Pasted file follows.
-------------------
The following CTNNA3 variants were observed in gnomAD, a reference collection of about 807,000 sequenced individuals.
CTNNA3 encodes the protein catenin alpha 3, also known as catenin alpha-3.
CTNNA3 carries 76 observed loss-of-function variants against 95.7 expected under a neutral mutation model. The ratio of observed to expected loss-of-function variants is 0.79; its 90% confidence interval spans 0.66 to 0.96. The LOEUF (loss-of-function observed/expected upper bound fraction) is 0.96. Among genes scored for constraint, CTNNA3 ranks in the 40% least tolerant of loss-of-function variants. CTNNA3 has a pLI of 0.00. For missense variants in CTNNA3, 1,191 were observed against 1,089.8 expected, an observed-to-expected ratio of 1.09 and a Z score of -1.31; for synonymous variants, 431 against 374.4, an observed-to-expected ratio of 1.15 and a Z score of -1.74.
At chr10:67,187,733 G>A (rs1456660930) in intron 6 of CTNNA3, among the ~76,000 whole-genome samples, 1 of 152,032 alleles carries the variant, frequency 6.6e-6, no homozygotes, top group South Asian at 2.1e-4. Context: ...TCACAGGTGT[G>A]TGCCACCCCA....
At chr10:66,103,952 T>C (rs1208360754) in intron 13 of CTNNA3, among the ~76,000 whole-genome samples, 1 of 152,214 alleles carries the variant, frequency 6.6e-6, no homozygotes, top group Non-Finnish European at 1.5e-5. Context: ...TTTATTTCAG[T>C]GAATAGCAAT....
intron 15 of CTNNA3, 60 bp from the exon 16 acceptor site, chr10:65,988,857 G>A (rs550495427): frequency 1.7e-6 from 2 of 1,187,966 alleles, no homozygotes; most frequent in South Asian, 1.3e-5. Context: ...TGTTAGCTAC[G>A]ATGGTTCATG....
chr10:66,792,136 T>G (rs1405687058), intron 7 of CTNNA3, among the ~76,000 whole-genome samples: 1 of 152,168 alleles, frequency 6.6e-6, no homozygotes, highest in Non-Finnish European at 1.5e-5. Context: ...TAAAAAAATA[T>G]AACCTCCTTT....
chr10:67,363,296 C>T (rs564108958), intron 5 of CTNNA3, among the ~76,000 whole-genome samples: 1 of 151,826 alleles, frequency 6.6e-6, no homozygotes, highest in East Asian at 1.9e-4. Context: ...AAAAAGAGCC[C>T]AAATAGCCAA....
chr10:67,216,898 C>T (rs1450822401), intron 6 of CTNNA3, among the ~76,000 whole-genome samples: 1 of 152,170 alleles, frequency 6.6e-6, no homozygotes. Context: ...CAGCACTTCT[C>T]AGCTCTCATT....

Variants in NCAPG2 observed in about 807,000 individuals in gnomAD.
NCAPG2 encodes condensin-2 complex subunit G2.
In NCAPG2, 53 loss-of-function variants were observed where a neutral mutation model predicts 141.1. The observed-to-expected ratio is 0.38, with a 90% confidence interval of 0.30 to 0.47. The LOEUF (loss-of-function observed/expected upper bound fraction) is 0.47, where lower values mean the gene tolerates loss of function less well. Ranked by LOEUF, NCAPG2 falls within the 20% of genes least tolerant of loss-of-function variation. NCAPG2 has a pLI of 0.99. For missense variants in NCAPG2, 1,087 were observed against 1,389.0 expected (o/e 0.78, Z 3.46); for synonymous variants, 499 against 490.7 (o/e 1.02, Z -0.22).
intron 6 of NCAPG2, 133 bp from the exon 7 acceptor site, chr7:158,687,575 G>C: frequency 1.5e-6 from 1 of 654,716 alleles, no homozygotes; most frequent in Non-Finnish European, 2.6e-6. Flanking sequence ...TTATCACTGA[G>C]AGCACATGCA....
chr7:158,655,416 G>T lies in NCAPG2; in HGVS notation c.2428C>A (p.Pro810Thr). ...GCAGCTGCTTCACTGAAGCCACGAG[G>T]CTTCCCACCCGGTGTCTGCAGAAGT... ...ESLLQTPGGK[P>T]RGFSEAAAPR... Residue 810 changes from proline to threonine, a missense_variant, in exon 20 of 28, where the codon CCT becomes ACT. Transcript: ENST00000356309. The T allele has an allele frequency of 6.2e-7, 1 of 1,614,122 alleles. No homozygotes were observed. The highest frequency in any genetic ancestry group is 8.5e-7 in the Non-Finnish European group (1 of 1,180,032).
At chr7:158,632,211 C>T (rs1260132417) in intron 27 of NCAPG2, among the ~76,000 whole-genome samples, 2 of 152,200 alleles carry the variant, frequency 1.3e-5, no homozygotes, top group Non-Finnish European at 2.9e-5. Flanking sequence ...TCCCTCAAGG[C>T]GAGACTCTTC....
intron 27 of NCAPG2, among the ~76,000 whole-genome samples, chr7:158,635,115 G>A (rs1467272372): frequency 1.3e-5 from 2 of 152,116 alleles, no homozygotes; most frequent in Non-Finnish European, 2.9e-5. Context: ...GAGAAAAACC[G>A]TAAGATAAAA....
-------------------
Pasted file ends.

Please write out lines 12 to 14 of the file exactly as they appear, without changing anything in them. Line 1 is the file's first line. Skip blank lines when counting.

In NCAPG2, 53 loss-of-function variants were observed where a neutral mutation model predicts 141.1. The observed-to-expected ratio is 0.38, with a 90% confidence interval of 0.30 to 0.47. The LOEUF (loss-of-function observed/expected upper bound fraction) is 0.47, where lower values mean the gene tolerates loss of function less well. Ranked by LOEUF, NCAPG2 falls within the 20% of genes least tolerant of loss-of-function variation. NCAPG2 has a pLI of 0.99. For missense variants in NCAPG2, 1,087 were observed against 1,389.0 expected (o/e 0.78, Z 3.46); for synonymous variants, 499 against 490.7 (o/e 1.02, Z -0.22).
intron 6 of NCAPG2, 133 bp from the exon 7 acceptor site, chr7:158,687,575 G>C: frequency 1.5e-6 from 1 of 654,716 alleles, no homozygotes; most frequent in Non-Finnish European, 2.6e-6. Flanking sequence ...TTATCACTGA[G>C]AGCACATGCA....
chr7:158,655,416 G>T lies in NCAPG2; in HGVS notation c.2428C>A (p.Pro810Thr). ...GCAGCTGCTTCACTGAAGCCACGAG[G>T]CTTCCCACCCGGTGTCTGCAGAAGT... ...ESLLQTPGGK[P>T]RGFSEAAAPR... Residue 810 changes from proline to threonine, a missense_variant, in exon 20 of 28, where the codon CCT becomes ACT. Transcript: ENST00000356309. The T allele has an allele frequency of 6.2e-7, 1 of 1,614,122 alleles. No homozygotes were observed. The highest frequency in any genetic ancestry group is 8.5e-7 in the Non-Finnish European group (1 of 1,180,032).